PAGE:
In my last post on sp_who2 I demonstrated how this handy utility can help you in your SQL Server troubleshooting efforts.
Continuing on from this, I am going to cover DBCC INPUTBUFFER
What is DBCC INPUTBUFFER ?
It is a command used to identify the last statement executed by a particular SPID. You would typically use this after running sp_who2. The great thing about this DBCC command is that it shows the last statement executed, whether running or finished.
How to use
DBCC INPUT BUFFER will generate errors so ensure that the space between INPUT and BUFFER is omitted.
In this example, I have just run run sp_who2 and identified that my lead blocker is SPID number 54 so I would run as follows:
[sourcecode language=’sql’]DBCC INPUTBUFFER(54)[/sourcecode]
Here is a simple demonstration. In a new query window run this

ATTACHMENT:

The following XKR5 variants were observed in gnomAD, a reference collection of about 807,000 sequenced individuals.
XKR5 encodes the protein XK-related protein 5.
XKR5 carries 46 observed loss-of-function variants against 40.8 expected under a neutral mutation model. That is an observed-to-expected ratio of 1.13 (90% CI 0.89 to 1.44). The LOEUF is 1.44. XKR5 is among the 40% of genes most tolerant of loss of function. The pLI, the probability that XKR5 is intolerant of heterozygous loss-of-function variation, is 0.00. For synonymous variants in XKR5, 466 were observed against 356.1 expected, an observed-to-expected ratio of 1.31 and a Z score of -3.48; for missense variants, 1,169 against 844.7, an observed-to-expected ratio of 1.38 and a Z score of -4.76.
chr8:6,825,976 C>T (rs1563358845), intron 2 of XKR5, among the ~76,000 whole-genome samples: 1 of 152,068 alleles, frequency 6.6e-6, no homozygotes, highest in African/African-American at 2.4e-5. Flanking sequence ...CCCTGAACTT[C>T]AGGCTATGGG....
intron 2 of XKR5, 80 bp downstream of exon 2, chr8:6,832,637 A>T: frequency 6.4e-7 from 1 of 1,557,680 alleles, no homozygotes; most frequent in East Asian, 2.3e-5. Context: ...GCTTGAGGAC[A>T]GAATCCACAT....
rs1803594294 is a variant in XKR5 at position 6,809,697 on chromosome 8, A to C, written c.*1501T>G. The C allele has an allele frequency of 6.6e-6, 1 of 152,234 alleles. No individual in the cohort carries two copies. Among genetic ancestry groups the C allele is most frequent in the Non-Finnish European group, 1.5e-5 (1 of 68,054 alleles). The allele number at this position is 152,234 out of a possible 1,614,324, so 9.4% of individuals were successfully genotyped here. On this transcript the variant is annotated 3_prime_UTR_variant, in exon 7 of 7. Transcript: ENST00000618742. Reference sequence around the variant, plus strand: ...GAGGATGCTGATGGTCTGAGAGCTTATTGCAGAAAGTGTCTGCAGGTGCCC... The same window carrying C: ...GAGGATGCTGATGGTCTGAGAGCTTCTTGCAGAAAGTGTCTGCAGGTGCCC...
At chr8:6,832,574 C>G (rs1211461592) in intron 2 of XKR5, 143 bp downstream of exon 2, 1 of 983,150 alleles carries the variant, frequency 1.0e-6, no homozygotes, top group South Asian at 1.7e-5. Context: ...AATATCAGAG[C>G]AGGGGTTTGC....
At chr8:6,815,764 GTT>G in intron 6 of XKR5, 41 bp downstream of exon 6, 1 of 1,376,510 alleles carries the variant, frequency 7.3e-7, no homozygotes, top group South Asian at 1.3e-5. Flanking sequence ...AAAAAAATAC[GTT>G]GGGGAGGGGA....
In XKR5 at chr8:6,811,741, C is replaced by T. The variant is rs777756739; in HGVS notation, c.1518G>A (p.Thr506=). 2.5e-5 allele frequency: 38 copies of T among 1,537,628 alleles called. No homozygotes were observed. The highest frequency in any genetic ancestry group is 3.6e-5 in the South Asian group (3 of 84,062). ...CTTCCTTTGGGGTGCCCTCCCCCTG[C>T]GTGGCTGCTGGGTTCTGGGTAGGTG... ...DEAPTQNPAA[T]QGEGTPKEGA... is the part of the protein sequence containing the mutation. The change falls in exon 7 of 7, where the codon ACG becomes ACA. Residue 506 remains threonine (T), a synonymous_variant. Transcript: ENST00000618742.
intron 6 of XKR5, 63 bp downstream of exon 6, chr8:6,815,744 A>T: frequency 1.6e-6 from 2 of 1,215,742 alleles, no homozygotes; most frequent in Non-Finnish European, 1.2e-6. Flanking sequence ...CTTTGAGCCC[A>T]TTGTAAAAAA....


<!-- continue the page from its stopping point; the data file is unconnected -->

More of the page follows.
UPDATE Orders SET Amount = 500 WHERE OrderID = 1;[/sourcecode]
Now in a second query window run this
[sourcecode language=’sql’]UPDATE Orders SET Amount = 200 WHERE OrderID = 1;[/sourcecode]
Now run sp_who2 to identify the lead blocker followed by DBCC INPUTBUFFER using the lead blocker SPID. Here are my results with the column “EventInfo” providing the detail that I need on the T-SQL which is causing the problem. It is possible to copy and paste the code into a query window for analysis.
Permissions needed for DBCC INPUTBUFFER
You need to be a sysadmin or have the VIEW SERVER STATE permission to be able to run this command.
Again, like sp_who2, this handy command should be in your “DBA Toolbox”.